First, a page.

Status of Gaza Ceasefire Proposal Unclear

France Retracts Claims of Israeli Acceptance, Decisions Remain Elusive

False hope of a quick end to the Israeli attack on the Gaza Strip which has now killed nearly 700 Palestinians came early this morning, when the office of French President Nicolas Sarkozy declared that both the Israeli government and the Palestinian Authority had accepted the Egypt-proposed deal for a permanent ceasefire.

France quietly retracted the claim hours later, but not before the international media reported that the long-sought ceasefire was virtually a done deal. Israel denied it had accepted anything, Hamas likewise insisted it was unwilling to consider any ceasefire so long as the Israeli occupation continues, and basically everyone is confused as to what the present status of the deal is.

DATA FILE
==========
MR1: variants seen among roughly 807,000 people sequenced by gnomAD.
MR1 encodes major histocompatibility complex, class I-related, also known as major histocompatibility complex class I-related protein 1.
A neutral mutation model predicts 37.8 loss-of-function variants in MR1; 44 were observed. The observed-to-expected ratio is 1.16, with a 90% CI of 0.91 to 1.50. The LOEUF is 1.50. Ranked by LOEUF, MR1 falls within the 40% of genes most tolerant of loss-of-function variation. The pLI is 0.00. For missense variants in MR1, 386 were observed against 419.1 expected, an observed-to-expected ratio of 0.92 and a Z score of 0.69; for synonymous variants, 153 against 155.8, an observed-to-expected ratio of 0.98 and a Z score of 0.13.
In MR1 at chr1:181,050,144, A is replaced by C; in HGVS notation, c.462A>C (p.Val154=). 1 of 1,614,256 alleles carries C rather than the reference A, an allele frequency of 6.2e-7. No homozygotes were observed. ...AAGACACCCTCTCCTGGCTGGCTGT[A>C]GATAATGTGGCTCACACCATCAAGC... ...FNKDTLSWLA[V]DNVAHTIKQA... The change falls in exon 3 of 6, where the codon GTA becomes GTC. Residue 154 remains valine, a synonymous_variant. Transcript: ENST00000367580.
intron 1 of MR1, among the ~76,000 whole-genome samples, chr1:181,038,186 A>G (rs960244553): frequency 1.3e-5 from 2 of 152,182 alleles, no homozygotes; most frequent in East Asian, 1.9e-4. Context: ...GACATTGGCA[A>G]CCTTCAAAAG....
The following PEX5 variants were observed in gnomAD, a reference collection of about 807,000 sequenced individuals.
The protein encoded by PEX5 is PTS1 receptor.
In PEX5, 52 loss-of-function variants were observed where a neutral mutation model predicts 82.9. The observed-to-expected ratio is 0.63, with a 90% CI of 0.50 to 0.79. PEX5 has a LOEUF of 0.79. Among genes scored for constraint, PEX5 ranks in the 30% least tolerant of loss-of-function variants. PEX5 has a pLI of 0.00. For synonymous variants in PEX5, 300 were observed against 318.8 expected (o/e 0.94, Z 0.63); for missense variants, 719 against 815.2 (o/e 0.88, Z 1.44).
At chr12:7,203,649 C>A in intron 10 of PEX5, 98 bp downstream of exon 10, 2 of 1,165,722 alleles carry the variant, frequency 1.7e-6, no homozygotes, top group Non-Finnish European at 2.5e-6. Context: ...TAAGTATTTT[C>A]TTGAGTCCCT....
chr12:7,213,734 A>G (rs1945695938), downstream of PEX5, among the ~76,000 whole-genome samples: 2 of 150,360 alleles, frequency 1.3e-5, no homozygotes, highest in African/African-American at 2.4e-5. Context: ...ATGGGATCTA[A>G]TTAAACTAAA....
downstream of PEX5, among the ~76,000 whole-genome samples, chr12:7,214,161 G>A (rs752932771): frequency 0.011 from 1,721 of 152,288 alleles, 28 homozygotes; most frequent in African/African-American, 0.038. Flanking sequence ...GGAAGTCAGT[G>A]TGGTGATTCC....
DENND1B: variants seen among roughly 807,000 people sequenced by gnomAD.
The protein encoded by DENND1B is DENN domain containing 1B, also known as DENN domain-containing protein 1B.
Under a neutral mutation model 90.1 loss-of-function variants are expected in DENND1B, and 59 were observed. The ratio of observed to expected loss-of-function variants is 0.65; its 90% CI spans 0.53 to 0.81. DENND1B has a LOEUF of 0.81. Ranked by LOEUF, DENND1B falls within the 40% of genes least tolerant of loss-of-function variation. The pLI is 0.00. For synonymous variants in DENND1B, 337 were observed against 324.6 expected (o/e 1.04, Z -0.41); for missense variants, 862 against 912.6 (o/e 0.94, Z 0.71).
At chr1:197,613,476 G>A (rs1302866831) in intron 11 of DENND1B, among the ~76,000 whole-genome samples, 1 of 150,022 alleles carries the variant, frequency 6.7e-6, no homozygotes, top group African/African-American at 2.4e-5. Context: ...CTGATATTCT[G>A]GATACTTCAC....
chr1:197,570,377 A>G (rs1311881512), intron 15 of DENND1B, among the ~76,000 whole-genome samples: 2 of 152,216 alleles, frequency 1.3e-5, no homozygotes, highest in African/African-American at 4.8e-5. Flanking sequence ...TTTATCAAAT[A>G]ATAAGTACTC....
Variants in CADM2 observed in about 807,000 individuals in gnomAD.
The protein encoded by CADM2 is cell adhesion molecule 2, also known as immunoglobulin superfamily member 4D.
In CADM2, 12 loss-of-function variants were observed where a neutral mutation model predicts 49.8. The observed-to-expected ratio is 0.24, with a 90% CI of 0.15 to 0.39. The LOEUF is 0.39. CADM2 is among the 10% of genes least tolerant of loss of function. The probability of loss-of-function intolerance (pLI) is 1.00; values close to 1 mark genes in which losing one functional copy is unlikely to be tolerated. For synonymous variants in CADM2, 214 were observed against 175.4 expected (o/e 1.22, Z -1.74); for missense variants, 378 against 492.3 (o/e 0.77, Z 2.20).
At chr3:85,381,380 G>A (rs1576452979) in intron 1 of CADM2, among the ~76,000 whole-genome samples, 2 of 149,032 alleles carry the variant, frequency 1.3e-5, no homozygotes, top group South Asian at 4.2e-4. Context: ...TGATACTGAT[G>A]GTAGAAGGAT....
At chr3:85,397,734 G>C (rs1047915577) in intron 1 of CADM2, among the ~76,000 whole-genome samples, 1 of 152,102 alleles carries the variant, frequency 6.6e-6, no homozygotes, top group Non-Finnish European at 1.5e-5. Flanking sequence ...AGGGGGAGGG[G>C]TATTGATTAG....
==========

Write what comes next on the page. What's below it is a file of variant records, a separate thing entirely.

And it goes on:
It doesn’t appear nearly as far along as anyone had hoped. While Israel intends to send a top Defense Ministry official to Cairo for talks tomorrow, such talks could take days. Hamas officials are also reportedly involved in the talks, in spite of their claims to be averse to a truce. The Palestinian Authority seems all for it, but as they have virtually no presence in the Gaza Strip their imprimatur is at best a nice aside.

Ultimately, Israel says it supports the deal in principle, but not necessarily in practice. With hundreds of Gaza civilians being killed in practice by the ongoing attacks, an agreement merely in principle is unlikely to satisfy anyone.

Author: Jason Ditz

Jason Ditz is Senior Editor for He has 20 years of experience in foreign policy research and his work has appeared in The American Conservative, Responsible Statecraft, Forbes, Toronto Star, Minneapolis Star-Tribune, Providence Journal, Washington Times, and the Detroit Free Press.